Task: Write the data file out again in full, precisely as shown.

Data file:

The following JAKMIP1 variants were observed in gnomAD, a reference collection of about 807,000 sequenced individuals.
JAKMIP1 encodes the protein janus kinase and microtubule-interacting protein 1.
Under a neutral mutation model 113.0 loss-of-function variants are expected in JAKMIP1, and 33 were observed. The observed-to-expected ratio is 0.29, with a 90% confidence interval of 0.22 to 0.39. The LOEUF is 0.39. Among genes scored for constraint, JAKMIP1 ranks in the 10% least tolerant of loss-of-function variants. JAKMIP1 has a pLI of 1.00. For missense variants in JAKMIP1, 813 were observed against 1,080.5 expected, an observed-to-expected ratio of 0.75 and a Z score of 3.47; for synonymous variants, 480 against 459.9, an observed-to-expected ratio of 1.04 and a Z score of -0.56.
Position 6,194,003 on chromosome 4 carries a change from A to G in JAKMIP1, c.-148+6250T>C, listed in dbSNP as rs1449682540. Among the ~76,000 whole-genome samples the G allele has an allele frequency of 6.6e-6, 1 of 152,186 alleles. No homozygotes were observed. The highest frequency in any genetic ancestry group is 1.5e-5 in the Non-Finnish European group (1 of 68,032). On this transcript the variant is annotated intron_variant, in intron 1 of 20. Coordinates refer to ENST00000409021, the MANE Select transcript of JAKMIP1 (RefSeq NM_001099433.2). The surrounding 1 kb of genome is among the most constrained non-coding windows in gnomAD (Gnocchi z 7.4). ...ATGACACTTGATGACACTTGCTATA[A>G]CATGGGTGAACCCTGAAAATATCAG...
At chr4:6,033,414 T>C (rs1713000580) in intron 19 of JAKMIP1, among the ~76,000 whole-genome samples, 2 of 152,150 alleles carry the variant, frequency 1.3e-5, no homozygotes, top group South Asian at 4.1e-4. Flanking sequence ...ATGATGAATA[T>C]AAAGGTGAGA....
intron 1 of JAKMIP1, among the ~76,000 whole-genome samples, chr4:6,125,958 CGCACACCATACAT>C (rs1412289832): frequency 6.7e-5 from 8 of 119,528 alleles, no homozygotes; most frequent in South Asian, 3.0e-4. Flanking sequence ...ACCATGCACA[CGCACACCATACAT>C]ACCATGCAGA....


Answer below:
The following JAKMIP1 variants were observed in gnomAD, a reference collection of about 807,000 sequenced individuals.
JAKMIP1 encodes the protein janus kinase and microtubule-interacting protein 1.
Under a neutral mutation model 113.0 loss-of-function variants are expected in JAKMIP1, and 33 were observed. The observed-to-expected ratio is 0.29, with a 90% confidence interval of 0.22 to 0.39. The LOEUF is 0.39. Among genes scored for constraint, JAKMIP1 ranks in the 10% least tolerant of loss-of-function variants. JAKMIP1 has a pLI of 1.00. For missense variants in JAKMIP1, 813 were observed against 1,080.5 expected, an observed-to-expected ratio of 0.75 and a Z score of 3.47; for synonymous variants, 480 against 459.9, an observed-to-expected ratio of 1.04 and a Z score of -0.56.
Position 6,194,003 on chromosome 4 carries a change from A to G in JAKMIP1, c.-148+6250T>C, listed in dbSNP as rs1449682540. Among the ~76,000 whole-genome samples the G allele has an allele frequency of 6.6e-6, 1 of 152,186 alleles. No homozygotes were observed. The highest frequency in any genetic ancestry group is 1.5e-5 in the Non-Finnish European group (1 of 68,032). On this transcript the variant is annotated intron_variant, in intron 1 of 20. Coordinates refer to ENST00000409021, the MANE Select transcript of JAKMIP1 (RefSeq NM_001099433.2). The surrounding 1 kb of genome is among the most constrained non-coding windows in gnomAD (Gnocchi z 7.4). ...ATGACACTTGATGACACTTGCTATA[A>G]CATGGGTGAACCCTGAAAATATCAG...
At chr4:6,033,414 T>C (rs1713000580) in intron 19 of JAKMIP1, among the ~76,000 whole-genome samples, 2 of 152,150 alleles carry the variant, frequency 1.3e-5, no homozygotes, top group South Asian at 4.1e-4. Flanking sequence ...ATGATGAATA[T>C]AAAGGTGAGA....
intron 1 of JAKMIP1, among the ~76,000 whole-genome samples, chr4:6,125,958 CGCACACCATACAT>C (rs1412289832): frequency 6.7e-5 from 8 of 119,528 alleles, no homozygotes; most frequent in South Asian, 3.0e-4. Flanking sequence ...ACCATGCACA[CGCACACCATACAT>C]ACCATGCAGA....